Cycling in Amsterdam (rental inc in I Amsterdam City Card)
I have said it before and I will reiterate – cycling is the best way to get around in Amsterdam. Rent a cycle if you think you can do this, follow the rules and cycle on the right side in the bicycle lane. It is easy to find it because there are signs, and of course many other cyclists. Make sure you lock your bicycle because there are a lot of bicycle thefts in Amsterdam.
Where to Stay in Amsterdam for the Weekend?
I did stay in five different places during my numerous visits to Amsterdam but I’m only recommending two of them that I loved.
I stayed in the NH Collection chain with a friend during one of my visits to Amsterdam and I was impressed by how luxurious this hotel is. The bed was super massive, I think 4 people could have slept on it, haha. This chain has hotels all over Amsterdam but I like this particular location.
There is a coffee machine in the hotel room so you can stay caffeinated. They also have a tablet in their suits for the guests to use, but we didn’t.
Generator Amsterdam was my second hostel experience in Amsterdam and it was fantastic. I stayed in a 4 bed dormitory and it was super spacious plus clean. I think the days of dirty backpacker hostels are over and now the new age hostels are fancy.
I ate my breakfast here on all the days. They have a complete set that you can order with four choices: vegan, healthy, English and Dutch. I tried the vegan and the healthy one and loved them. I also added mini pancakes on my order and they were fantastic.
I loved how convenient the hostel’s location is. It is close to everything and yet it is in a calmer area right next to Amsterdam’s Oostpark. It was my first time staying in this neighborhood and I think it’s my new favorite.
Is it Possible to Explore Amsterdam in a Weekend?
Not really. Yes, Amsterdam is a small city but there’s still a lot to see here. If you try to do it all, then you won’t be able to enjoy your time here. I highly recommend spending 3 – 5 days here. But I understand that not everyone can have the time to spend. So what to do when you just have a weekend to spend in Amsterdam? Read on.
If you want to get a glimpse of Amsterdam and fall in love with it during that time, then yes, a weekend in Amsterdam can be just enough. Plan your trip well and don’t spend all your time stuck in Dam Square like most tourists do, explore the real beauty of the city and make your quick trip to Amsterdam worthwhile.
Don’t try to do EVERYTHING that you read in guides about things to do in Amsterdam, instead pick a handful of nice things and enjoy them. This is exactly what this post is about – letting you get a taste of Amsterdam in a weekend at a fun pace.
Hotels in Amsterdam are super expensive. This is also one reason why most people prefer a weekend stay in Amsterdam and then they get out of here.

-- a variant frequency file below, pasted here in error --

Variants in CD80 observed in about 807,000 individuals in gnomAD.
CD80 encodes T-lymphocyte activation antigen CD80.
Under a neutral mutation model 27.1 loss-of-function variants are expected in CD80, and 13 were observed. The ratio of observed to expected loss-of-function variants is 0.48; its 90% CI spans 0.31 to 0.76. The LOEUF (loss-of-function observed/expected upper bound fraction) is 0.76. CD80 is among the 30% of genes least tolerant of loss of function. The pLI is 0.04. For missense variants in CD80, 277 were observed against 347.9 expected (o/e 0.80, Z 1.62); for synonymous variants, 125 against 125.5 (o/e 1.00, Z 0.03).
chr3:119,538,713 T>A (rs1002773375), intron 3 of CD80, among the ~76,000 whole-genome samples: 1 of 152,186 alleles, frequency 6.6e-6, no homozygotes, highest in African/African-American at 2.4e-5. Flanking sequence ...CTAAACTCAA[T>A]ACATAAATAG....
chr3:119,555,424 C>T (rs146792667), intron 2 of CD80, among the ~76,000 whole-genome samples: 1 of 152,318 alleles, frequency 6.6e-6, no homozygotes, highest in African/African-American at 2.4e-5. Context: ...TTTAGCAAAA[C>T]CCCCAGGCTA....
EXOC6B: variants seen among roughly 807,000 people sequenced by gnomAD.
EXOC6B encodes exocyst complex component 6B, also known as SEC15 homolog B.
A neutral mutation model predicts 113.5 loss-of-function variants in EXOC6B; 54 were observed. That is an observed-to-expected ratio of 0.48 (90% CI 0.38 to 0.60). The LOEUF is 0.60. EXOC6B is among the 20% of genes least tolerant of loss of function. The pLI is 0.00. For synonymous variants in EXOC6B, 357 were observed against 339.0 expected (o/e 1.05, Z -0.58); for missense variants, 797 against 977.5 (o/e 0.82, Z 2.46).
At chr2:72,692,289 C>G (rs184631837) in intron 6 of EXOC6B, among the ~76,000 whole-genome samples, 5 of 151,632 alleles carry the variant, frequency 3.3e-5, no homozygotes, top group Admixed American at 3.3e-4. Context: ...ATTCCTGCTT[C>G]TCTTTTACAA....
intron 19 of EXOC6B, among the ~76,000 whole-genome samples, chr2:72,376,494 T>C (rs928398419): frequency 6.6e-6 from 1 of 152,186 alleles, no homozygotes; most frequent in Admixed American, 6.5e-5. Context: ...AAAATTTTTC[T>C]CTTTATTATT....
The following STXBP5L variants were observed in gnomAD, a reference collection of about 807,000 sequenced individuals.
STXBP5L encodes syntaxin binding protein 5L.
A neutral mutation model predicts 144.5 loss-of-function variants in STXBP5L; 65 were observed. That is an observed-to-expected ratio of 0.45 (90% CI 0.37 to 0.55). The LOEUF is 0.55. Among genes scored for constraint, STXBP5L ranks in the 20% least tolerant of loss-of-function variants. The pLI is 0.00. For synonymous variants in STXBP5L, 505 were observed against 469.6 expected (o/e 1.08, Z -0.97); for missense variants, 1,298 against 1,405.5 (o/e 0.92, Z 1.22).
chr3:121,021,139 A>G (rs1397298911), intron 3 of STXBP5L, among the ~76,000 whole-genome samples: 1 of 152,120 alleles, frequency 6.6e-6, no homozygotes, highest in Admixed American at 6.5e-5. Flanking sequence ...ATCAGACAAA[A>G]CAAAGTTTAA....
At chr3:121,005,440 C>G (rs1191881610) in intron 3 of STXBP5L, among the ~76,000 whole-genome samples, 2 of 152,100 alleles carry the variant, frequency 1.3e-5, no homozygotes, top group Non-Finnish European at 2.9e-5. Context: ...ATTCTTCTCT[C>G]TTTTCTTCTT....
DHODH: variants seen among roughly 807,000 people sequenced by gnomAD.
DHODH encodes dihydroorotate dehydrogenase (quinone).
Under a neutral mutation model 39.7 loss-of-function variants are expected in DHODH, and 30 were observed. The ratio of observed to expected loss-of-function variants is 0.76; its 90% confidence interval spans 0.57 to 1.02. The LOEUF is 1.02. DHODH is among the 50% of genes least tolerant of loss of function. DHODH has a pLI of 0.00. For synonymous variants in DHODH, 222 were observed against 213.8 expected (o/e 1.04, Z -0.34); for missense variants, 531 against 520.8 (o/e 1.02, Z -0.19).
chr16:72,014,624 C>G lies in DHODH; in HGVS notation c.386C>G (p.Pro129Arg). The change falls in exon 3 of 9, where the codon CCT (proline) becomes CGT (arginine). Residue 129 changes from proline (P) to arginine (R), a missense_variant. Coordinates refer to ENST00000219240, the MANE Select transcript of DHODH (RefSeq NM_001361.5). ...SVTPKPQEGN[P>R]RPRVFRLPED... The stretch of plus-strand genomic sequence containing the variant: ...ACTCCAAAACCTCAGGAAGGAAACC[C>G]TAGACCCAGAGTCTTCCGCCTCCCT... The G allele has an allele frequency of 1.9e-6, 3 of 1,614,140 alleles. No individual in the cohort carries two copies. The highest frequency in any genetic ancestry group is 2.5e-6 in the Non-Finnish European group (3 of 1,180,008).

If you can travel on a long weekend to Amsterdam, then that’s awesome. If not, then just try you best to arrive early on Friday and leave late on Sunday. This way you can can take things slow on Friday and check in. You can also check out from your hotel on Sunday and carry your bag (like I did) and store it in a locker at the attraction.
What’s Closed on the Weekends in Amsterdam?
Literally nothing, except the flea markets like Waterlooplein are closed on Sundays. Amsterdam’s flea markets are a lot of fun to explore even for the non shoppers. There are loads of interesting sights and an amazing history.
Are Museums in Amsterdam Closed on the Weekend?
Amsterdam’s museums are open on all the days throughout the year. In my experience, the best time to visit a museum is right before they close. Unlike the nearby Germany where everything is closed on Sundays, none of the museums and tourist attractions are closed in Amsterdam on Sundays.
Supermarkets in Amsterdam
If it is your first time in Amsterdam or this part of Europe in general, then take a note of a supermarket (supermarkt) versus a kiosk. Everything is cheaper in a supermarket but not in kiosk, but kiosk are open till very late. Most supermarkets are closed on Sundays.
I normally visit the below mentioned supermarkets that you can find all over the city:
- Dirk Supermarkt
- Albert Heijn
Are Weekends Crowded in Amsterdam?
Weekends in Amsterdam can get insanely crowded in the summer months. It is the time when some hotels and hostels increase their prices. But that doesn’t mean you should avoid visiting.
I did say in my earlier post about Amsterdam to completely avoid the weekends but now I change my words. Even if Amsterdam is full on the weekends it is still awesome. And yes, I didn’t follow my own tip and ended up revisiting Amsterdam on many weekends after writing that post.
Disclosure: I collaborated with the I Amsterdam (Amsterdam city tourism board) for a part of my trip in 2017 and 2021. However, all opinions expressed in this articles are definitely my own.